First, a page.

Overall – a very successful visit to Prague to advocate for Home Economics to an international audience, share my research with interested and interesting people and generally a great fun adventure was had.

Final note: A special thank you must go to the Home Economics Institute of Australia (HEIA) for their financial support as a demonstration of their commitment to research in the field of Home Economics. Special thanks also must go to the Griffith Graduate Research School for granting me an International Conference Travel Scholarship.

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Is our message clear enough, convincing enough, loud enough? I do like this question ever so much! I cannot recommend highly enough the benefits of coming to World Congress. I am looking forward to learning more about the voices behind Home Economics, adding my own voice and inspiring you to add yours. In today’s technological noise can Home Economists really stay “quiet leaders” any longer?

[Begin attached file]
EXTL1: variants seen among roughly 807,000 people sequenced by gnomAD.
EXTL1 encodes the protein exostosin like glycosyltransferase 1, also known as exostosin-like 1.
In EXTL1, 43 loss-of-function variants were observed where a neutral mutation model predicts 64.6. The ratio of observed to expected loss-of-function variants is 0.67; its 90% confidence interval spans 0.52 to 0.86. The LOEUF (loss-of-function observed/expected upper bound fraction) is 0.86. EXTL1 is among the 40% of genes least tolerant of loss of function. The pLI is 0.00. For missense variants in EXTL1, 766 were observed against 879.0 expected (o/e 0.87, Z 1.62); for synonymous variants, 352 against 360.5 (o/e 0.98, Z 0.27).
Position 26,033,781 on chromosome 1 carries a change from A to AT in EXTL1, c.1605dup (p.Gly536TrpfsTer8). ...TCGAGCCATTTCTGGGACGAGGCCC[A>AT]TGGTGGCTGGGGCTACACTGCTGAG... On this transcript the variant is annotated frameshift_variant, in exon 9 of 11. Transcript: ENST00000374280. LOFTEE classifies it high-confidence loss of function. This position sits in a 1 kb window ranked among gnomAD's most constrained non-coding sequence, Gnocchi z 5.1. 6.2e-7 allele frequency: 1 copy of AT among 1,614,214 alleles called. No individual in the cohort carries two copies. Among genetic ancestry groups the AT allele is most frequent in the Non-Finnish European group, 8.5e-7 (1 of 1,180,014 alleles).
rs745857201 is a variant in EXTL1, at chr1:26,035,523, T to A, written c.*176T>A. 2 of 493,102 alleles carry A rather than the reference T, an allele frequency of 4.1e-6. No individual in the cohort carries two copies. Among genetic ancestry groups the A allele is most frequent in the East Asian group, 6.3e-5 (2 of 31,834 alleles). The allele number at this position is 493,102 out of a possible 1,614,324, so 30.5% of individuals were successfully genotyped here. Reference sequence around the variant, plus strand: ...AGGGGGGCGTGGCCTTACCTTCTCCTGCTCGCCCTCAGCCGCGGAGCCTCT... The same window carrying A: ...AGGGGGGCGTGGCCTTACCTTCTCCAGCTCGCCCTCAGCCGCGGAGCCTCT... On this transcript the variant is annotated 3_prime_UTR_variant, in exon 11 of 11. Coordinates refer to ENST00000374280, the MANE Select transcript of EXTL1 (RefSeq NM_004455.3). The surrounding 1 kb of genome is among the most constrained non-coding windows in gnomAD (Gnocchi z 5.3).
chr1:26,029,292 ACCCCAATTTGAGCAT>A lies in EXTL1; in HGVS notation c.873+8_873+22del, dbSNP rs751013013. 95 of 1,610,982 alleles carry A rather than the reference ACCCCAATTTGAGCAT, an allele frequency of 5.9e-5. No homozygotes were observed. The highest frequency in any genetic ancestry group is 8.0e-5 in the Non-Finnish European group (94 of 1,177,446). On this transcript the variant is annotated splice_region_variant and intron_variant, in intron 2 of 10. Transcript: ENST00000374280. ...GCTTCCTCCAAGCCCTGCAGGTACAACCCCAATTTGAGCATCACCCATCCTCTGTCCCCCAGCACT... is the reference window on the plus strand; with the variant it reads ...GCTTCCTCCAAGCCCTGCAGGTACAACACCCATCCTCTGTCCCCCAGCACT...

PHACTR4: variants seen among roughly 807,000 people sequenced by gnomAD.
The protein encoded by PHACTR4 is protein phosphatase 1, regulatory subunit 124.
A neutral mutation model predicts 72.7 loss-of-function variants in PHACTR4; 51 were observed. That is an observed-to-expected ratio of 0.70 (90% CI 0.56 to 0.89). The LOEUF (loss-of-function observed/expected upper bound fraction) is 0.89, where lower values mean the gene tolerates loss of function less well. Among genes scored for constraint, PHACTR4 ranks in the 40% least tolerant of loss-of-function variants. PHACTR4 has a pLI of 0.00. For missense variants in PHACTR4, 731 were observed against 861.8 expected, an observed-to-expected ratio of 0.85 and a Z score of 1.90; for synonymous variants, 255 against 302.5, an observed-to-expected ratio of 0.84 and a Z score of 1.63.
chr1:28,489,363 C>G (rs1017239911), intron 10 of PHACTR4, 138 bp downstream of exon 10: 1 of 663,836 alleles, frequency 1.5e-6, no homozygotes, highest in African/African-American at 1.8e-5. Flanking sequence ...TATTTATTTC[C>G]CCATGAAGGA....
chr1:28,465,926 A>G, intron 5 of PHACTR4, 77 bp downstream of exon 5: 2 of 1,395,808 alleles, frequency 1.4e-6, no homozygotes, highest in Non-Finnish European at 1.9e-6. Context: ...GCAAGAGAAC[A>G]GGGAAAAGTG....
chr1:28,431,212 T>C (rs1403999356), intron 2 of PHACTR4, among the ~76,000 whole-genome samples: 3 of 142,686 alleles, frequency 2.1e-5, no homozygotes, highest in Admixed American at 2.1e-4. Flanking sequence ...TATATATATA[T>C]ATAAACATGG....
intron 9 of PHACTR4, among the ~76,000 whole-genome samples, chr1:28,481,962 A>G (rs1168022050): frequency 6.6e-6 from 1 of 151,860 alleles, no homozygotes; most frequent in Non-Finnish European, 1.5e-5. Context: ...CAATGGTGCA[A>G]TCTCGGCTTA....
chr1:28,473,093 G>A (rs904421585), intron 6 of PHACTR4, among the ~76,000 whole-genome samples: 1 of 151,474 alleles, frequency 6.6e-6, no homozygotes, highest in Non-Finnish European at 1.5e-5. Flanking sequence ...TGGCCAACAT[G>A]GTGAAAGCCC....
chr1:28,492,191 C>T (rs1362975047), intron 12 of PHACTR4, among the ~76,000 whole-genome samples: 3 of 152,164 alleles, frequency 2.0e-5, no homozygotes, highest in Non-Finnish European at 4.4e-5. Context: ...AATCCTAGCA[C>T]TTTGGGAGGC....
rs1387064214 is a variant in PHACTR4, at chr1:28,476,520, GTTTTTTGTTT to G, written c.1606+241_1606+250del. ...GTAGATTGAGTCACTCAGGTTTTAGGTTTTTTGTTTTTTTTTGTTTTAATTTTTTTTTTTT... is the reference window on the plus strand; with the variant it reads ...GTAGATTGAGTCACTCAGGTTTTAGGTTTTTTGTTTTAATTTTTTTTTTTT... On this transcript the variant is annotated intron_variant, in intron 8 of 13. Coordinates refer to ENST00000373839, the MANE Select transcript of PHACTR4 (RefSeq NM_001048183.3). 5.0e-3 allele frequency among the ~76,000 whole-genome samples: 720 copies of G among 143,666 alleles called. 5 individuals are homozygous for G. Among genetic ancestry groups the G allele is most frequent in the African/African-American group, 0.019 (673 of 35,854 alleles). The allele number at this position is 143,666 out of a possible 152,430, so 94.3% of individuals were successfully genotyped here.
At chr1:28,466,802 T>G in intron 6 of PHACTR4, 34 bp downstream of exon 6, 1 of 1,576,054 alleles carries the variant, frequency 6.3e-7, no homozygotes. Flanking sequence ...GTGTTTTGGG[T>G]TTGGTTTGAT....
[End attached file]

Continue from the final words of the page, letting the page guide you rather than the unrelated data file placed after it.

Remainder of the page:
How do the skills and practices of home economics contribute to health and sustainable living?

What happens when communities lose these skills or no longer value them?

How can we work to enhance the wellbeing of individuals, families and communities globally?

Is our message clear enough, convincing enough, loud enough?

Create a professinoal that you envision, Innovate for a strong future. Join us in Melbourne for IFHE World Congress 2012.

Write a comment and tell us what you plan to do at Congress.

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Written by Jay Deagon @ HomeEcConnect

Sending you all wishes of peace, health and happiness for 2012. Welcome to a New Year!